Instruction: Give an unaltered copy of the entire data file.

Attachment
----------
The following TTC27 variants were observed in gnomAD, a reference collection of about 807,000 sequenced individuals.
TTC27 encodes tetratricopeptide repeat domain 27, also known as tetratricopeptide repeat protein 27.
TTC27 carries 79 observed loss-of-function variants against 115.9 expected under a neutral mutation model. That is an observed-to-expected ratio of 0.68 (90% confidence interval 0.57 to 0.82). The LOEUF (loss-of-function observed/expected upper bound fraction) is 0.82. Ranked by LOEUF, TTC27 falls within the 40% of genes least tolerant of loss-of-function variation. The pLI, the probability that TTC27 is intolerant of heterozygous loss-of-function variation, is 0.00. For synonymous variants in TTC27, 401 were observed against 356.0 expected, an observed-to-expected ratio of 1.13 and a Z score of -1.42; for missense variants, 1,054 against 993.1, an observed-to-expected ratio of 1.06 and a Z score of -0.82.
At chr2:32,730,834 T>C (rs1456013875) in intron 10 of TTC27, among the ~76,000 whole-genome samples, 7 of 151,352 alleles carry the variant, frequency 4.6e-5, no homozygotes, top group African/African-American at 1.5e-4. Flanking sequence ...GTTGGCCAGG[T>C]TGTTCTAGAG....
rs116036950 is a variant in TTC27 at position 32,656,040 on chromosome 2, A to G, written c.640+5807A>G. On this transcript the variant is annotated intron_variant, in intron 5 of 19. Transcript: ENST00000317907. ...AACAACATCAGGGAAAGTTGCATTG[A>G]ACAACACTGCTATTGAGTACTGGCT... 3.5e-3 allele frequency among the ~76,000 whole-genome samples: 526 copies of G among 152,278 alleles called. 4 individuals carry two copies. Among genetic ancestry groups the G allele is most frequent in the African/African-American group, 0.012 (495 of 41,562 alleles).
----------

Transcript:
The following TTC27 variants were observed in gnomAD, a reference collection of about 807,000 sequenced individuals.
TTC27 encodes tetratricopeptide repeat domain 27, also known as tetratricopeptide repeat protein 27.
TTC27 carries 79 observed loss-of-function variants against 115.9 expected under a neutral mutation model. That is an observed-to-expected ratio of 0.68 (90% confidence interval 0.57 to 0.82). The LOEUF (loss-of-function observed/expected upper bound fraction) is 0.82. Ranked by LOEUF, TTC27 falls within the 40% of genes least tolerant of loss-of-function variation. The pLI, the probability that TTC27 is intolerant of heterozygous loss-of-function variation, is 0.00. For synonymous variants in TTC27, 401 were observed against 356.0 expected, an observed-to-expected ratio of 1.13 and a Z score of -1.42; for missense variants, 1,054 against 993.1, an observed-to-expected ratio of 1.06 and a Z score of -0.82.
At chr2:32,730,834 T>C (rs1456013875) in intron 10 of TTC27, among the ~76,000 whole-genome samples, 7 of 151,352 alleles carry the variant, frequency 4.6e-5, no homozygotes, top group African/African-American at 1.5e-4. Flanking sequence ...GTTGGCCAGG[T>C]TGTTCTAGAG....
rs116036950 is a variant in TTC27 at position 32,656,040 on chromosome 2, A to G, written c.640+5807A>G. On this transcript the variant is annotated intron_variant, in intron 5 of 19. Transcript: ENST00000317907. ...AACAACATCAGGGAAAGTTGCATTG[A>G]ACAACACTGCTATTGAGTACTGGCT... 3.5e-3 allele frequency among the ~76,000 whole-genome samples: 526 copies of G among 152,278 alleles called. 4 individuals carry two copies. Among genetic ancestry groups the G allele is most frequent in the African/African-American group, 0.012 (495 of 41,562 alleles).